COLUMBUS, Ohio (Nov. 11, 2022) – On Tuesday, voters in five Ohio localities approved measures to decriminalize marijuana possession despite ongoing federal cannabis prohibition.
Marijuana decriminalization measures passed in the Villages of Corning,, Laurelville, Rushville and Sawnee and the city of Kent. Generally, the ordinances decriminalize the possession of up to 200 grams of marijuana. Instead of making arrests or issuing citations, police are directed to confiscate the cannabis.
“The results of yesterday’s general election show beyond a reasonable doubt that the people of Ohio are ready for a change in cannabis laws, even at the local level,” NORML spokesperson Don Keeney told Marijuana Moment. “From the city of Kent to the small villages of Southeast Ohio, they want this! These are sold red areas with elected officials that say their people don’t support this. Yesterday’s vote shows something different.”
How decriminalization will play out in practice remains to be seen. Kent Police Department Lt. Michael Lewis said the department would ignore the ordinance.
“Even if there is an ordinance [in Kent] that says marijuana possession is legal, it is still illegal by the state of Ohio. Chief [Nicholas] Shearer has stated before that we are still going to enforce the laws of the state of Ohio to include possession of marijuana, and our officers would simply be charging somebody under the state code for illegal possession of marijuana.”
But Sensible Kent campaign manager Michael Fricke told KentWired that the police department can’t just ignore a binding city ordinance.
“There is no conflict between decriminalization and state law, so they cannot enforce state law,” Fricke said.
Legally, it seems unlikely that city officials can ignore a legally binding ordinance.
Decriminalization of marijuana in these Ohio towns continues 50-year efforts by the states to nullify the feds, cities to nullify the states – and individuals to nullify them all.
Also on Tuesday, Maryland and Missouri legalized adult-use marijuana, and five Texas cities approved decriminalization measures.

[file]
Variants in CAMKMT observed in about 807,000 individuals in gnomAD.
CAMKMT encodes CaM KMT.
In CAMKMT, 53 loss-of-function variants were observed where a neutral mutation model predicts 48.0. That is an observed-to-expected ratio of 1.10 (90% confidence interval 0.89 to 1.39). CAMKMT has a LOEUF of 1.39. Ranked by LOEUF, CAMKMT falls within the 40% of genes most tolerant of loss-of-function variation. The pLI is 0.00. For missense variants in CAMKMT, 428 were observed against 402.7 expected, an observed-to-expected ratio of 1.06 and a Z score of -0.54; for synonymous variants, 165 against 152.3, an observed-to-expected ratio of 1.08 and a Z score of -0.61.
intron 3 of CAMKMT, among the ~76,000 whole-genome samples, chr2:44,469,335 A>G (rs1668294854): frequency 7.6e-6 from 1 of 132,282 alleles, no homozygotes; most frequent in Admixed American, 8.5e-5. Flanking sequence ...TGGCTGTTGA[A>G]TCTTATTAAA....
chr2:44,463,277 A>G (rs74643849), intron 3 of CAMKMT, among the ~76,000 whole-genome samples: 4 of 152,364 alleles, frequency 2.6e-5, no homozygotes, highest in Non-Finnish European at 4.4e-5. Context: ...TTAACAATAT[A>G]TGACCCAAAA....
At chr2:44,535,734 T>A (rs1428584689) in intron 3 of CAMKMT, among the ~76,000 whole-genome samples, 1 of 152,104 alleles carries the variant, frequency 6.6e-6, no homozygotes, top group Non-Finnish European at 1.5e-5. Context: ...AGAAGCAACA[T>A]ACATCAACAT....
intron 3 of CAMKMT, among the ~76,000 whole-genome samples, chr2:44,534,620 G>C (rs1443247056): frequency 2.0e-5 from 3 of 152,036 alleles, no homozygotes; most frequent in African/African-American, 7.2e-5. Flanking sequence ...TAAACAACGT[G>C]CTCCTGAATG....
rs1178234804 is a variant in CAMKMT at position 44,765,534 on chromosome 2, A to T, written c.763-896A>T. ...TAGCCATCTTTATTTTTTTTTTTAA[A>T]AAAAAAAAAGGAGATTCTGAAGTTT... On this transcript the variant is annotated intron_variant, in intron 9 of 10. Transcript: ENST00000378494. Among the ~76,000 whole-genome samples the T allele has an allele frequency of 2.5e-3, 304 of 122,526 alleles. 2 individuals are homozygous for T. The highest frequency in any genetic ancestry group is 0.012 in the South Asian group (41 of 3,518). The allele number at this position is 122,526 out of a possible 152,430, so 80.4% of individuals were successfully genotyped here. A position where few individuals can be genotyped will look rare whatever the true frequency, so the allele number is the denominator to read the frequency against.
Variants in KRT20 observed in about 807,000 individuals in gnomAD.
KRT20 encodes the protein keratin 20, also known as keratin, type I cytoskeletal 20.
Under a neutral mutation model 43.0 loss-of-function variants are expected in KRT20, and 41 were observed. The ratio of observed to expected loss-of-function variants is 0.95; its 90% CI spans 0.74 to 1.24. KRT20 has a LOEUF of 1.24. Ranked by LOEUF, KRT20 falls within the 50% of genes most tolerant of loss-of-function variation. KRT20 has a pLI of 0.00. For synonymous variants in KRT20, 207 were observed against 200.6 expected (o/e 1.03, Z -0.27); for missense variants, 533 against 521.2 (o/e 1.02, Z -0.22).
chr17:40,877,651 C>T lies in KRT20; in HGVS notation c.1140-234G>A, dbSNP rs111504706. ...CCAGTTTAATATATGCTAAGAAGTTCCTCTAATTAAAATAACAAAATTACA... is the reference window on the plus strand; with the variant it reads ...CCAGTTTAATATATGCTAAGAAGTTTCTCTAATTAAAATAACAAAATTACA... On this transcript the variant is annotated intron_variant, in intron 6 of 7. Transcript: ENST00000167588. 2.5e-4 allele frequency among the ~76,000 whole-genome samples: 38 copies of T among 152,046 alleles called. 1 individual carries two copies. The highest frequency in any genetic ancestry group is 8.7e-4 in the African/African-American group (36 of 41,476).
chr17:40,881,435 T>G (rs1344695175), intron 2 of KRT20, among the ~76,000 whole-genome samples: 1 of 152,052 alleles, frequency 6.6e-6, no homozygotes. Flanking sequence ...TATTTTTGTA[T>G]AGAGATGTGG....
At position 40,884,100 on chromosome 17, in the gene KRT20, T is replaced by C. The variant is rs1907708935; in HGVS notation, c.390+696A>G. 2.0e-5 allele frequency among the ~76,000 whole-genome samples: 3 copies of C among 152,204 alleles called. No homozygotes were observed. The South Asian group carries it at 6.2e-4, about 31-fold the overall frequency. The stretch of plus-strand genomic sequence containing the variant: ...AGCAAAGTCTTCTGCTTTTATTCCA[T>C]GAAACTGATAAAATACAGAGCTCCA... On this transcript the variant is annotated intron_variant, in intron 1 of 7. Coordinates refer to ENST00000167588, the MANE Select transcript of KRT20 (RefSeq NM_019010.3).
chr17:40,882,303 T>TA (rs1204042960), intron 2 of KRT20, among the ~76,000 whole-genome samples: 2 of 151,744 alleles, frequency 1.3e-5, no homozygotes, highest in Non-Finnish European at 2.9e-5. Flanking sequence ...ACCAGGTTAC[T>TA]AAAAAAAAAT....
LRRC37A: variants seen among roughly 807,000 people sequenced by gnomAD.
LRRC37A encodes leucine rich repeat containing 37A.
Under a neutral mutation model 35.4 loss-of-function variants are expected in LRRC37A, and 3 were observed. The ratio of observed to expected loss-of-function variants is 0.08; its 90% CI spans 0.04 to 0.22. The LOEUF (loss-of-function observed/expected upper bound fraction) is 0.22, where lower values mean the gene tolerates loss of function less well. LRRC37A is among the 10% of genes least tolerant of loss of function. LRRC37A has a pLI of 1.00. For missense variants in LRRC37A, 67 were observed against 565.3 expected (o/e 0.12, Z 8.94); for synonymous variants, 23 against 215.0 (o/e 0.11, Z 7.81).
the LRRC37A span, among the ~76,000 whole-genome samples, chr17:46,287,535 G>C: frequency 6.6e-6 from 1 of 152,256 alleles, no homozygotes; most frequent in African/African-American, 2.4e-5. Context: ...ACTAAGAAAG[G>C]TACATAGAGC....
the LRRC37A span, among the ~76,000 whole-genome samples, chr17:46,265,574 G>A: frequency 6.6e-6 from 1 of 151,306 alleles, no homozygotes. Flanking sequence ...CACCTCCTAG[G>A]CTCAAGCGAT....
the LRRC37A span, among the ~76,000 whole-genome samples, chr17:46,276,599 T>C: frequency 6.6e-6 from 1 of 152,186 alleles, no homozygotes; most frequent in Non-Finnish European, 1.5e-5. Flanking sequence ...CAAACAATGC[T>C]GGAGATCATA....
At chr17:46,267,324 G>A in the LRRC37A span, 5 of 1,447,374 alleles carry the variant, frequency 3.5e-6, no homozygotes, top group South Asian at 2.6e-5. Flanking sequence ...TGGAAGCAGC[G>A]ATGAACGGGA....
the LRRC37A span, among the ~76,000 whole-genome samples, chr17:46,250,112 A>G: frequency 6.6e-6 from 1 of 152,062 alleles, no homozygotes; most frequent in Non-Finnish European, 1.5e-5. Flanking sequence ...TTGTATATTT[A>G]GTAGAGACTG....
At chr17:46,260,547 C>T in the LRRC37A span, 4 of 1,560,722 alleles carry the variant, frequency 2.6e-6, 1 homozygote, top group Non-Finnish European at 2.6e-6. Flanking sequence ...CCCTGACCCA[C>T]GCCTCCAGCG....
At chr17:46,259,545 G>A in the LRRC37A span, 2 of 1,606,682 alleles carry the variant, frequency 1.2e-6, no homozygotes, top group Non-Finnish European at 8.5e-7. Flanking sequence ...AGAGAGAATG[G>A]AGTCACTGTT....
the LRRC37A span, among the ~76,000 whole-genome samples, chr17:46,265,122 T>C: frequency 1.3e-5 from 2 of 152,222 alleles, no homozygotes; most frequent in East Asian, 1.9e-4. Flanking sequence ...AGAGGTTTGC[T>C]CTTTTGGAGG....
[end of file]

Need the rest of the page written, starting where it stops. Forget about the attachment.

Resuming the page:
EFFECT ON FEDERAL PROHIBITION
Under the federal Controlled Substances Act (CSA) passed in 1970, the federal government maintains a complete prohibition of marijuana. Of course, the federal government lacks any constitutional authority to ban or regulate cannabis within the borders of a state, despite the opinion of the politically connected lawyers on the Supreme Court. If you doubt this, ask yourself why it took a constitutional amendment to institute federal alcohol prohibition.
The decriminalization of the possession of small amounts of marijuana effectively removes a small layer of laws. This is significant because FBI statistics show that law enforcement makes approximately 99 of 100 marijuana arrests under state, not federal law. When states stop enforcing marijuana laws, they sweep away most of the basis for 99 percent of marijuana arrests.
Furthermore, figures indicate it would take 40 percent of the DEA’s yearly budget just to investigate and raid all of the dispensaries in Los Angeles – a single city in a single state. That doesn’t include the cost of prosecution. The lesson? The feds lack the resources to enforce marijuana prohibition without state assistance.
A GROWING MOVEMENT
Colorado, Washington state, Oregon and Alaska were the first states to legalize recreational cannabis, and California, Nevada, Maine and Massachusetts joined them after ballot initiatives in favor of legalization passed in November 2016. Michigan followed suit when voters legalized cannabis for general use in 2018. Vermont became the first state to legalize marijuana through a legislative act in 2018. Illinois followed suit in 2019. New Jersey, Montana and Arizona all legalized recreational marijuana through ballot measures in the 2020 election. In 2021, New York, New Mexico, Virginia and Connecticut legalized marijuana through legislative action, and Rhode Island legalized cannabis for adult use in 2022. With Missouri and Maryland legalizing marijuana on Tuesday, there are now 37 states allowing cannabis for medical use, and at least 21 legalizing for adult recreational use.
The lesson here is pretty straightforward. As Tenth Amendment Center Executive Director Michael Boldin noted, “When enough people say, ‘No!’ to the federal government, and enough states pass laws backing those people up, there’s not much the feds can do to shove their so-called laws, regulations, or mandates down our throats.”